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Swiss City of Lausanne to Launch Recreational Cannabis Trial This Fall

Cann-L (or Cannabis Lausanne), the four-year recreational cannabis trial, will be launched by the end of the year, according to municipal councillor Emilie Moeschler who spoke to the press on Tuesday, “In Lausanne, as in other cities, cannabis is very present … It is essential for cities to launch such experimental studies to address the issue in an objective and dispassionate way,” he said. He also stressed that the city “has already shown, in 2018, its interest in a pilot experiment with the federal authorities in order to change its policy in this area.”

This city, which is on the verge of becoming the second largest in the country following Basel and will soon be able to begin a recreational cannabis test. Bern, Geneva and Zurich are all currently developing their own projects. These five cities were allowed to move forward by the amendment to Federal Narcotics Act, May 15, 2021.

Lausanne: Similar, But Different

Cann-L will run a special store that sells allowed products in Lausanne. Unlike German-speaking parts of the country which have chosen to use pharmacies for the trial, Lausanne’s entry into the conversation will be more like the Spanish idea of a cannabis club.

All hemp sold in the facility will have to meet two requirements—being both grown locally and produced in organic environments.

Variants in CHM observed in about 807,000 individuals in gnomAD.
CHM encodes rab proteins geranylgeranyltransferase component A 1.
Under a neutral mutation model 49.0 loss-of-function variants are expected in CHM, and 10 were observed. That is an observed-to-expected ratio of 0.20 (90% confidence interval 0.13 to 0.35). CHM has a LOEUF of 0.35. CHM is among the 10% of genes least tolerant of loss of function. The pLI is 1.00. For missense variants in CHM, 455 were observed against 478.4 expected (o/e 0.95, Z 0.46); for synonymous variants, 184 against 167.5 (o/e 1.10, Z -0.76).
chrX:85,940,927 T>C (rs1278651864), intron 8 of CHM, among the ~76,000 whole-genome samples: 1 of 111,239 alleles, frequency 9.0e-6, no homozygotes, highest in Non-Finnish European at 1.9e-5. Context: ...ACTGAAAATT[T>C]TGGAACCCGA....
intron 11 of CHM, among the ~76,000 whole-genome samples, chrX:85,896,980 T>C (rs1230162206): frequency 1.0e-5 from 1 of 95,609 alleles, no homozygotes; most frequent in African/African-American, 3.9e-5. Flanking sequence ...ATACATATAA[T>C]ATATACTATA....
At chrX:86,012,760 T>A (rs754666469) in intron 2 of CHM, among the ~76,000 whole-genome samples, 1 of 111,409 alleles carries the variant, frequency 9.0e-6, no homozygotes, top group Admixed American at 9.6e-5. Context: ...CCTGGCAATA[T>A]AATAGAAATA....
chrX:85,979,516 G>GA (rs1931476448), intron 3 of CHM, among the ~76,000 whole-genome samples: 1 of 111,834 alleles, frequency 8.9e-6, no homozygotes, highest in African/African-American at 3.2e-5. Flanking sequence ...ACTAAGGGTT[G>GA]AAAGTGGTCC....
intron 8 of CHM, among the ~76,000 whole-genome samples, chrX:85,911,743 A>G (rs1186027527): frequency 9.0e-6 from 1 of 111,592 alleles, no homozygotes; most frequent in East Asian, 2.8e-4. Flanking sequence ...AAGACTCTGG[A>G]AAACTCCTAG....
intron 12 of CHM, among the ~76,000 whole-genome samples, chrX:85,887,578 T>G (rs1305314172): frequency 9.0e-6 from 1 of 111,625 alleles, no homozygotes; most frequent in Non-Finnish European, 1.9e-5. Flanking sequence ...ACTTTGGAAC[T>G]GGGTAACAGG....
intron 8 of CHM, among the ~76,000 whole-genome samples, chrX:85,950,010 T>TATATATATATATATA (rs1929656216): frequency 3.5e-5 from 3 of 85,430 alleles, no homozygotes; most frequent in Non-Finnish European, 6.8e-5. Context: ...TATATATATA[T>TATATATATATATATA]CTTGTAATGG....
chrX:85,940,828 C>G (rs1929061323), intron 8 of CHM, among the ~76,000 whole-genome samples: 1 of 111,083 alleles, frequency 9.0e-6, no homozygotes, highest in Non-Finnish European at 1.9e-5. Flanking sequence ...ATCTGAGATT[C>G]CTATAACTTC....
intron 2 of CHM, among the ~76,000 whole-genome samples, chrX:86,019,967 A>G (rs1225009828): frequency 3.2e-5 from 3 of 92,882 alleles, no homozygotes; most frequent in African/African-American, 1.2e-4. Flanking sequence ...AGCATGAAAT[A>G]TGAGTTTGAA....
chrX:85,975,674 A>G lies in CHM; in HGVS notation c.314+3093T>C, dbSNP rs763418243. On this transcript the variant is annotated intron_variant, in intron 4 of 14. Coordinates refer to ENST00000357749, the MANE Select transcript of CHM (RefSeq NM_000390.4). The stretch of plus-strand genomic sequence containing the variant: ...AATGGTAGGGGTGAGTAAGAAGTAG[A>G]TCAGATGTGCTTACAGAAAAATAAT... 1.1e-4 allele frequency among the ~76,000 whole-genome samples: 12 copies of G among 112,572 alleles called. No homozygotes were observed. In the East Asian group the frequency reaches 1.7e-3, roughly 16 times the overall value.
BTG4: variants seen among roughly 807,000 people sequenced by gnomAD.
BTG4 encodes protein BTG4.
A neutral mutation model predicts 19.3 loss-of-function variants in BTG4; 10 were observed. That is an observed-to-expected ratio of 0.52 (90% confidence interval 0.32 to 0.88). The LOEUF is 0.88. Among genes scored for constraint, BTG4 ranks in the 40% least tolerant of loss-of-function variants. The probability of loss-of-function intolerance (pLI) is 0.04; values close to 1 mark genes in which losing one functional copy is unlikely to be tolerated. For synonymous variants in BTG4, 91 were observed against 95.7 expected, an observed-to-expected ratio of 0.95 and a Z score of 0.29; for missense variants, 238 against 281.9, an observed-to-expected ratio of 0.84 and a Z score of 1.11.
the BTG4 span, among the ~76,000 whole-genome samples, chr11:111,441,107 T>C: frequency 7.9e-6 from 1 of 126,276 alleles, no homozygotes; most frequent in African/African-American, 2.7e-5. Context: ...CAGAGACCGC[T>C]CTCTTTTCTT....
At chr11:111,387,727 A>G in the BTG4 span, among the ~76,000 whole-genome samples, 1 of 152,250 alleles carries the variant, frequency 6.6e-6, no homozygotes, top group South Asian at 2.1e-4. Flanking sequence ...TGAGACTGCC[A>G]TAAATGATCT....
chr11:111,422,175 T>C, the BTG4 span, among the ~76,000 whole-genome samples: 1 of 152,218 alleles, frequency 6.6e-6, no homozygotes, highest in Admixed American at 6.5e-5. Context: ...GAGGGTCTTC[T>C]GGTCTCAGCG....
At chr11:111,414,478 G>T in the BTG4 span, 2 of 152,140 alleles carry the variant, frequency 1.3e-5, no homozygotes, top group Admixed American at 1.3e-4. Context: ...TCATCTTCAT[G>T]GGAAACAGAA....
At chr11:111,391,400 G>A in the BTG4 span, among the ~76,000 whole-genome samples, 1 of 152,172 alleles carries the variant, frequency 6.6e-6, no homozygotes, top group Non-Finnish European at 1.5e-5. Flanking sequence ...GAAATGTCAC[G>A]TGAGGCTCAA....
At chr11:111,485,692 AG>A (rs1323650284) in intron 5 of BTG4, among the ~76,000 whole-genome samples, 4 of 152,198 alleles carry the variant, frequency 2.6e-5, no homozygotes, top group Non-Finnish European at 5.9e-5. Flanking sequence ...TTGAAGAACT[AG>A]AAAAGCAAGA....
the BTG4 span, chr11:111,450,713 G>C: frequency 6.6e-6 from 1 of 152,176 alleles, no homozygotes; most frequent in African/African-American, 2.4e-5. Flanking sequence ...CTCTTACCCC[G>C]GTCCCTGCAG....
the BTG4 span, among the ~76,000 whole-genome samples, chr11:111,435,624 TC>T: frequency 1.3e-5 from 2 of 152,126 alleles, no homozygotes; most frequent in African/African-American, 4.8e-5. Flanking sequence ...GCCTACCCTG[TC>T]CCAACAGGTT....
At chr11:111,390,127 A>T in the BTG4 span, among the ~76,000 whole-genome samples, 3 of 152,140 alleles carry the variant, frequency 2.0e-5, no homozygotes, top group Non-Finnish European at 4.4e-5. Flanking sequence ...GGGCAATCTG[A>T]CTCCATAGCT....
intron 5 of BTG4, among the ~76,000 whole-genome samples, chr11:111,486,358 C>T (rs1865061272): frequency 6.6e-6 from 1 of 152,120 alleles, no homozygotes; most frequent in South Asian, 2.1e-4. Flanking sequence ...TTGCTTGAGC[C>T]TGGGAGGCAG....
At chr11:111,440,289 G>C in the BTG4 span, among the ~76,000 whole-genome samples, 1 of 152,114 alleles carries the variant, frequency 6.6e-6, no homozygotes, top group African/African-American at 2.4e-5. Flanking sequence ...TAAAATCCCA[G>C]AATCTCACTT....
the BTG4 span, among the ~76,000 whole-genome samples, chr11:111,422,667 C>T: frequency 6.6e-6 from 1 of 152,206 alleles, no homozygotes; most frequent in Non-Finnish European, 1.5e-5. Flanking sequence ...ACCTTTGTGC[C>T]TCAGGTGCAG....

The facility will be monitored by the police, which will identify and separate legal cannabis from illegally-sold products.

Public consumption is prohibited, as well as customers not being allowed to resell their products.

Pricing has been designed to match the black market—namely flower will retail for between 10-13 francs per gram. Participants are not allowed to buy more than 10g per month.

Customers (students) must have permanent residence in Lausanne. They also need to use cannabis regularly. Eligibility for participation can be found here—although the project is not yet accepting applicants. The city as well as Addiction Switzerland (chosen to conduct the scientific aspects of the trial) will submit their plan to the canton’s ethics commission and the Federal Office of Public Health by the end of May.

The study is expected to cost around $390,000 per year—or about $1.5 million over the course of five years.

The Swiss Trials: The Effect

The dispensary-first and pharmacy first models of recreational reform are both being tried in Switzerland, which is evident from the varied approach taken by the cantons. It all begins in Germany. This country shares a border with Switzerland, and Austria, as well as a special trade agreement called DACH.

The Swiss are expected to receive data by December 31, which will undoubtedly influence discussions in Germany about how individual states should be able to decide how their recreational reforms will play out in their jurisdictions.